The last words, good words, I give to dad:

My favourites among his many rhymes: new words for ‘Rapture, rapture’ from The Yeomen of the Guard for George Meakin and Johnny Silcock to sing to a delighted Beit Hall: ‘Georgie Porgy quite uncivilly kissed the girls and made them snivelly’. Written in the guestbook of my aunt and uncle, Ursula and Frank Allen, who lived in a hamlet in Scotland called Machrihanish: other spots like acne vanish when you’ve been to Machrihanish.

And to be fair to dad’s character as known to many of us, I read in toto (Latin ablative case, but also his nickname from me for a while, forgotten till I came to write this) – I read in toto one of the letters that made him famous (or infamous) in Rhodesia and Zimbabwe, and lately in Cape Town. The Bulawayo Chronicle eventually refused to publish HHW so he used pseudonyms (another word derived from ancient Greek) but the style was always recognisable. Behold the man:

Your correspondent asserts that the name Africa isn’t African. The Afri lived in what is now Tunisia and the land was called Africa by the Romans, a name which spread as their knowledge of North African spread, as Libya might have if Alexander the Great had lived. Knowledge of the continent halted at the Sahara for centuries. So Asia was a small kingdom in what is now Turkey (Asia Minor), bequeathed to Rome by its ruler Attilus in 133 BC. Africa only existed when the Cape was circumnavigated by Diaz. It was a close thing; the Arabs coming the other way might have called it Kaffiristan, the land of the unbelievers. The Portuguese and Dutch got the word from them.

Continents are oddly named. Europe is named after a Middle Eastern woman who fled west to escape rape. America is named after Amerigo Vespucci, an Italian mapmaker, his name being latinised. Australasia was named the land of the south wind from Auster, the Mediterranean breeze. Antarctica faces the great North Bear. Open bracket – in Greek, arctos – close bracket, full stop.

Harold Westwood

Chopin’s Preludes for the Piano

I think that I have done this before: listen in sequence to Chopin’s 24 Preludes for piano while documenting the keys that they sound in. The opportunity came today while listening to Through the Night on the BBC Radio 3 website.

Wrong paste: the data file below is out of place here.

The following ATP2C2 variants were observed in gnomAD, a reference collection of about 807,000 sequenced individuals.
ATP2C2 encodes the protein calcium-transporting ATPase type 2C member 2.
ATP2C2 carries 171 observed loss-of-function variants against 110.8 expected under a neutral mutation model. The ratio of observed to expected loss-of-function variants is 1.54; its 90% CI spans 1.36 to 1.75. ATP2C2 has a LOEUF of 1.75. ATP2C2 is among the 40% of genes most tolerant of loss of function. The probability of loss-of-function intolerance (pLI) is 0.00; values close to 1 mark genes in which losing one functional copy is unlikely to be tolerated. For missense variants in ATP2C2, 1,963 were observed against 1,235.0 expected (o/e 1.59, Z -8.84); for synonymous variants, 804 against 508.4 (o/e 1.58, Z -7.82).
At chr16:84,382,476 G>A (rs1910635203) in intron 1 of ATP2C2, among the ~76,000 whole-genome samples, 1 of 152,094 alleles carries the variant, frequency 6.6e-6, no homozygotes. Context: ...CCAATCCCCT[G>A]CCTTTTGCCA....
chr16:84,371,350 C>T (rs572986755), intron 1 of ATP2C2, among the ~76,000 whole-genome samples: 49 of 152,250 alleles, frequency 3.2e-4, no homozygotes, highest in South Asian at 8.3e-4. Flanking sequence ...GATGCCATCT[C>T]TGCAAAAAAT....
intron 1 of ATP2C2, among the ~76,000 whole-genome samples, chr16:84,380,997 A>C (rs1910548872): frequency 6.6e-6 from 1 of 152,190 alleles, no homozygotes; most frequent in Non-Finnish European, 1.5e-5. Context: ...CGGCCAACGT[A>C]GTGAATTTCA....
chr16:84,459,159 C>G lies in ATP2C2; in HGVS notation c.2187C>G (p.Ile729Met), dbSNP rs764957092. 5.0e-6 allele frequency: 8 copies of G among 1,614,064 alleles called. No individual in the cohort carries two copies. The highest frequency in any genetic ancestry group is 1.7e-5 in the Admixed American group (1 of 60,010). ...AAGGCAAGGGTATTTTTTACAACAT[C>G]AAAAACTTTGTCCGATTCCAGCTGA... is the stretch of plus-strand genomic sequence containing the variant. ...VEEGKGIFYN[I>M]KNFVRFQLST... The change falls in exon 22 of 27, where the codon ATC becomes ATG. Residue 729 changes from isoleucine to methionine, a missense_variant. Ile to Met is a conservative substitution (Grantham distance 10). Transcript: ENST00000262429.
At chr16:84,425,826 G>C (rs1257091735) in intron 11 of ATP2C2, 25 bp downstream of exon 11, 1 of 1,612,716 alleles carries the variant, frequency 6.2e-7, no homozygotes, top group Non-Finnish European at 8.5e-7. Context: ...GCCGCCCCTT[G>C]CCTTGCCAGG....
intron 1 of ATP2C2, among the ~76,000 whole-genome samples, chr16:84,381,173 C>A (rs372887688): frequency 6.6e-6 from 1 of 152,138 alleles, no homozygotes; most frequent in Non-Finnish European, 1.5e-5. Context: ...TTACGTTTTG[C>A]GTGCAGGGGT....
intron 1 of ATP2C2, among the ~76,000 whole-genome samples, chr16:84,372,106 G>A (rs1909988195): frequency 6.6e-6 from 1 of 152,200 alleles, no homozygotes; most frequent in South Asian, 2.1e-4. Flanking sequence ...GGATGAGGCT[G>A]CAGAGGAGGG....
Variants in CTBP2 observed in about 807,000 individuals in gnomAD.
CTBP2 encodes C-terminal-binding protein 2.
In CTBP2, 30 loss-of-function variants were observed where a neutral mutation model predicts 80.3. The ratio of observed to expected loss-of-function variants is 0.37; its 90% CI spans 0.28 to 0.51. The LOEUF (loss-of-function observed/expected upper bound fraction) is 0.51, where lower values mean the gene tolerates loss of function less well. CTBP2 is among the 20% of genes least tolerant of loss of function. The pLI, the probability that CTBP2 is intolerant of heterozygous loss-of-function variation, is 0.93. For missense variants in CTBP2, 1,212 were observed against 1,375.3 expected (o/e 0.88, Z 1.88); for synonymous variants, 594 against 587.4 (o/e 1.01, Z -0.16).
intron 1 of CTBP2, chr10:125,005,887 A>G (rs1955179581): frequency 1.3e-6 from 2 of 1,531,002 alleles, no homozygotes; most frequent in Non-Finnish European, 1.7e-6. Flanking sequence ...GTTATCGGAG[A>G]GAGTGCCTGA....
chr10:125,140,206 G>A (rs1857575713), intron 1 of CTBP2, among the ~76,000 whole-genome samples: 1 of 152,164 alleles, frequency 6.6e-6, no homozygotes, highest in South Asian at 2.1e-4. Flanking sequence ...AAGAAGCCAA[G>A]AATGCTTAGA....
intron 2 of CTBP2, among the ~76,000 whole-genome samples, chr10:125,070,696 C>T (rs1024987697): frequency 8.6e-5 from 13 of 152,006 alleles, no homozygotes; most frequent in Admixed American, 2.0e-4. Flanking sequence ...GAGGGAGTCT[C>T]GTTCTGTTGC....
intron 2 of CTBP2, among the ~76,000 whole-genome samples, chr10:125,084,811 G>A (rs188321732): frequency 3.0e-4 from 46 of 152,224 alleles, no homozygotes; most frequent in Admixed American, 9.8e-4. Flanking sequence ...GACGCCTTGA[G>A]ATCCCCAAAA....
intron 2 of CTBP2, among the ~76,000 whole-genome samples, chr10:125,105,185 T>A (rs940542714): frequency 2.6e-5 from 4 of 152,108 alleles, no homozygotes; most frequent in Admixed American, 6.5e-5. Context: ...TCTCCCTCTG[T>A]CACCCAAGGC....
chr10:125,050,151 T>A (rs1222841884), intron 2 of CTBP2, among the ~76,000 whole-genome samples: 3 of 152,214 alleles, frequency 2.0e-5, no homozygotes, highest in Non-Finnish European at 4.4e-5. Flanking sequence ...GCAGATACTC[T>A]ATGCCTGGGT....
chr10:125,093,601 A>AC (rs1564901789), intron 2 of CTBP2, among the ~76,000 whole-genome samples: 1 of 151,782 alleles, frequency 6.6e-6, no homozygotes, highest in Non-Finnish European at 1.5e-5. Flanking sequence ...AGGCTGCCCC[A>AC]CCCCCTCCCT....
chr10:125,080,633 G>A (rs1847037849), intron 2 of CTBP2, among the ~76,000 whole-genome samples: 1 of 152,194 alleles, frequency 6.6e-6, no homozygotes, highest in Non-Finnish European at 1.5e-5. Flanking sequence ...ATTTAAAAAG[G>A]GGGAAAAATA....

So here we go, starting with the Prelude in C major (if it was):

  • C major – solid, no change
  • A minor – solid, no change
  • G major – ditto
  • E minor – ditto
  • D major – shifted to E flat major as the opening material re-appears a few bars into this short piece
  • B minor – solid, no change
  • A major – here this little jewel was set its A major ring
  • F# minor – this furious piece had moved into G minor by the end
  • E major – was in F major (though with significantly more sonority than I associate with F, a weak key sonically
  • C# minor – D minor with a feeling of sharps around
  • B major = C major
  • G# minor = A minor
  • F# major = G major
  • E flat minor – moved to E minor half way through
  • D flat major (Raindrop) – D major with middle section in D minor rather than the C# minor it is written in
  • B flat minor – this wild composition was of uncertain tonality except where a few bars should have been in D flat major and were in D
  • A flat major – the song was in A major at the start. At the recapitulation of the tune it sounded in A flat but felt as if it was courting disaster until the last section where it was fully A flat major – perhaps the effect of the pedal low A flats in the left hand
  • F minor – no key identifiable
  • E flat major – largely undefined but occasionally the colour of E flat was discernible. It did end in E flat.
  • C minor – solid chords of C minor
  • B flat major – in key including the G flat major section
  • G minor – the first note of this Prelude is the B flat of the previous Prelude, so heard in sequence this was grounded in its flat key
  • F major – no threat